In late March, 2020, in response significant decline in demand at the onset of the COVID‐19 pandemic, the company froze the hiring of new corporate employees (but made no layoffs). The company also changed all of its hourly employees to part time and put them on reduced hours tied to customer demand. These steps effectively froze the company’s central costs while making its customer facing costs entirely variable and staffed to demand (as opposed to ahead of demand). The company maintained this posture through the end of Q2, 2020.

As shared by Carvana in its Q2 2020 shareholder letter, the table below shows the company’s units, and SG&A ex Advertising and D&A by month through Q2 2020.

Apr‐20

May‐20

Jun‐20

Units Sold

13,548

20,923

20,627

SG&A ex Advertising & D&A (millions)

$ 50.9

$ 55.6

$ 53.5

SG&A ex Advertising & D&A per unit

$ 3,760

$ 2,655

$ 2,593

Increase April to May in SG&A ex Adverting & D&A (in millions)

$ 4.61

Increase April to May in units

7,375

Incremental SG&A ex Advertising & D&A per unit

$ 625.1

As you can see, the company sold 13,548 units in April 2020 and incurred $50.9 million of SG&A ex advertising and D&A or $3,760 per unit. In May 2020 demand significantly increased rising by 7,375 units to 20,923 units. However, despite this 54% increase in units, SG&A ex advertising and D&A increased by 9% equating to $4.6 million or $625 dollars per unit. This small increase in costs for such a large sequential increase in units is consistent with the view that the variable fulfillment margins of the business are modest when the business is more optimized for efficiency.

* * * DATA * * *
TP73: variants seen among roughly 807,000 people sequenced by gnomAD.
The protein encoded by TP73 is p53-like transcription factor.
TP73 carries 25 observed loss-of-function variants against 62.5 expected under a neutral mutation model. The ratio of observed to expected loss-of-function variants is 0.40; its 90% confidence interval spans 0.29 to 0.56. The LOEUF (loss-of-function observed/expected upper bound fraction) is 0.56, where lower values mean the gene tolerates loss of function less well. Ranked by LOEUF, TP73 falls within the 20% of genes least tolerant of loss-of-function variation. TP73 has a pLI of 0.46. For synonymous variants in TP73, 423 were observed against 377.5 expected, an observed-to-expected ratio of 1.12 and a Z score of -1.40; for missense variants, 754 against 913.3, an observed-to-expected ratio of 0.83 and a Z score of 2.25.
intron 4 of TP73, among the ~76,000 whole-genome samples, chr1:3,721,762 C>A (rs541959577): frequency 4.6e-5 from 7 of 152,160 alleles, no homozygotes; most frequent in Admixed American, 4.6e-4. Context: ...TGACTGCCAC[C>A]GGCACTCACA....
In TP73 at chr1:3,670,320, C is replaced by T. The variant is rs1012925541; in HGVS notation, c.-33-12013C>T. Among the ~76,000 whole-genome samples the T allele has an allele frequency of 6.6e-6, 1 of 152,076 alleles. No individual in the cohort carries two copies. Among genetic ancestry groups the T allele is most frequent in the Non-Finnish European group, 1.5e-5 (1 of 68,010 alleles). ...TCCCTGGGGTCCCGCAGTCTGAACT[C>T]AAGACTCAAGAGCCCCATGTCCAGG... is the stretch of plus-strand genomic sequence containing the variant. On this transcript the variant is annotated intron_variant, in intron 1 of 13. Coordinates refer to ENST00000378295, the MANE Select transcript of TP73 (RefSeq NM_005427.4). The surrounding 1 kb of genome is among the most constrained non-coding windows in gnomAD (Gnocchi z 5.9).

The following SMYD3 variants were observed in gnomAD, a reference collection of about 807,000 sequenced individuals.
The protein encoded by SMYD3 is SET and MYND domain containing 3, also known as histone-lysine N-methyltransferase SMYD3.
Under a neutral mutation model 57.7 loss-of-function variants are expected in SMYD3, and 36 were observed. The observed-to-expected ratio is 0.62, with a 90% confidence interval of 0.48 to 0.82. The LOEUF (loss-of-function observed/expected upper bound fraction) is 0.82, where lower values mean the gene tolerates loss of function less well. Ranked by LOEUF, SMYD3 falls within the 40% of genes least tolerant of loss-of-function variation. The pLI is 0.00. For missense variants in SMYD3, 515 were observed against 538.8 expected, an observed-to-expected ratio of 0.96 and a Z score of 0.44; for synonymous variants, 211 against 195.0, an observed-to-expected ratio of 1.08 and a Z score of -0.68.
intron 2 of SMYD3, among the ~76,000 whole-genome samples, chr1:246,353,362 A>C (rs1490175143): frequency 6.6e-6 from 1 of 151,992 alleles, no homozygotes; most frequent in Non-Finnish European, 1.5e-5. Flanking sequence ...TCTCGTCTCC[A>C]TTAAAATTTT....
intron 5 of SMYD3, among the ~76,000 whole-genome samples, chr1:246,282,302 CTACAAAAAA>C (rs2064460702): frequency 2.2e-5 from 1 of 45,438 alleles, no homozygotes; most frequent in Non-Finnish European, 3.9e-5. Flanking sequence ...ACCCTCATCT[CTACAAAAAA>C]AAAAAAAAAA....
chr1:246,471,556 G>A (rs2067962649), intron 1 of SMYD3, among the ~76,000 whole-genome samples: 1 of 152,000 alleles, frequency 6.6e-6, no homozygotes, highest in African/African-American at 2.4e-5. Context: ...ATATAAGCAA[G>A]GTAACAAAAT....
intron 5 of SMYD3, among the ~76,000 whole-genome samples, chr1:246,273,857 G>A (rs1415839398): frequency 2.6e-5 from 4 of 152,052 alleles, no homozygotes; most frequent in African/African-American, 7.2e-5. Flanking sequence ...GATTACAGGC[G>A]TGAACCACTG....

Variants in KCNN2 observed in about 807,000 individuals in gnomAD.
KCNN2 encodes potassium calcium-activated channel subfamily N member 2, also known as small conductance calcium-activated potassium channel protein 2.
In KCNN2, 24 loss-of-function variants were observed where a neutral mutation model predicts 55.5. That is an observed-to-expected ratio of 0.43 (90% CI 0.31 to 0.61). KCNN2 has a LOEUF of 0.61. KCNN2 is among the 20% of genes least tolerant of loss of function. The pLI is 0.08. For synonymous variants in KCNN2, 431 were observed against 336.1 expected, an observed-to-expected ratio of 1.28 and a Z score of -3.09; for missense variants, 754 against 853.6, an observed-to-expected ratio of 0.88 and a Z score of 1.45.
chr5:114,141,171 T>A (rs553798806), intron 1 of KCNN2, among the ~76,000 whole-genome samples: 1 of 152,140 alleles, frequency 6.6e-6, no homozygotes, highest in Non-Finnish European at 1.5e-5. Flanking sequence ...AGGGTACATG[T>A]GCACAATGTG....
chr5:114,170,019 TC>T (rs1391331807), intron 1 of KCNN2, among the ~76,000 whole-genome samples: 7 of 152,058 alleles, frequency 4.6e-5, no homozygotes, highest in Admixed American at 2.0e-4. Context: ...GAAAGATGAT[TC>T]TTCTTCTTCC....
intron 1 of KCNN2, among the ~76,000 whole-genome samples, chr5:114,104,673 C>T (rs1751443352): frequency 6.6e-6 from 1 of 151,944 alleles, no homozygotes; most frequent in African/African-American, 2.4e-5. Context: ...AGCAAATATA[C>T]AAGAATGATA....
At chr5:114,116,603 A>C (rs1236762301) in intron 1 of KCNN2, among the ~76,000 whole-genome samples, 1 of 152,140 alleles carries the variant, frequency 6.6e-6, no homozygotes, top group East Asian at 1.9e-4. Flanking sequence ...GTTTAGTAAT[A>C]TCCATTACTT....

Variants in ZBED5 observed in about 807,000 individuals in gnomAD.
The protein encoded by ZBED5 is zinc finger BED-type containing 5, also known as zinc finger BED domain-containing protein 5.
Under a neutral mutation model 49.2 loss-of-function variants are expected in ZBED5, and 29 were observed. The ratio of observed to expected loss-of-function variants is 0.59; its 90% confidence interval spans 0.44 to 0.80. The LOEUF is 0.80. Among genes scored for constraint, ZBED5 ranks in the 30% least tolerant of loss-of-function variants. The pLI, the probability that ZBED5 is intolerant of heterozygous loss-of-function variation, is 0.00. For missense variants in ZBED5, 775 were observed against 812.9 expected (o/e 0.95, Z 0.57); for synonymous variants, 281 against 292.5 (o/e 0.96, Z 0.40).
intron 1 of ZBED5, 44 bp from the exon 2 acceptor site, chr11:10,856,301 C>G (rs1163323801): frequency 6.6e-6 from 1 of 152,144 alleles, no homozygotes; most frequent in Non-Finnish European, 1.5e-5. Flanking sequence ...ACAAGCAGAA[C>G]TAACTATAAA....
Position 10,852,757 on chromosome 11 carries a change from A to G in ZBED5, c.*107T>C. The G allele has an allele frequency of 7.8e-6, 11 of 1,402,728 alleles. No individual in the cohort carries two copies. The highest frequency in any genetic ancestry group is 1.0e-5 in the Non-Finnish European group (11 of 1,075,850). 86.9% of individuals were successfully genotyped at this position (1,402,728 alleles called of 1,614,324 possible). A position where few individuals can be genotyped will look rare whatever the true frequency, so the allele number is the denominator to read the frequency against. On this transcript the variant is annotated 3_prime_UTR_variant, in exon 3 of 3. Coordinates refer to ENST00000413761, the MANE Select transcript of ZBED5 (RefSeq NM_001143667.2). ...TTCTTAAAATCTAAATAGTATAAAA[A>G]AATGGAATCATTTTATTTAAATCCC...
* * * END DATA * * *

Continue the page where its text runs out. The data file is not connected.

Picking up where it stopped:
Note also the overall level of SG&A ex advertising and D&A. In May and June 2020, operating at an annualized scale of approximately 250k units, the company was able to sustain SG&A ex advertising and D&A of approximately $2,600 per unit. This compares very favorably with the company’s actual result of SG&A ex advertising (D&A isn’t so big) of $3,654 in 2021 despite the business operating at nearly twice the scale in 2021.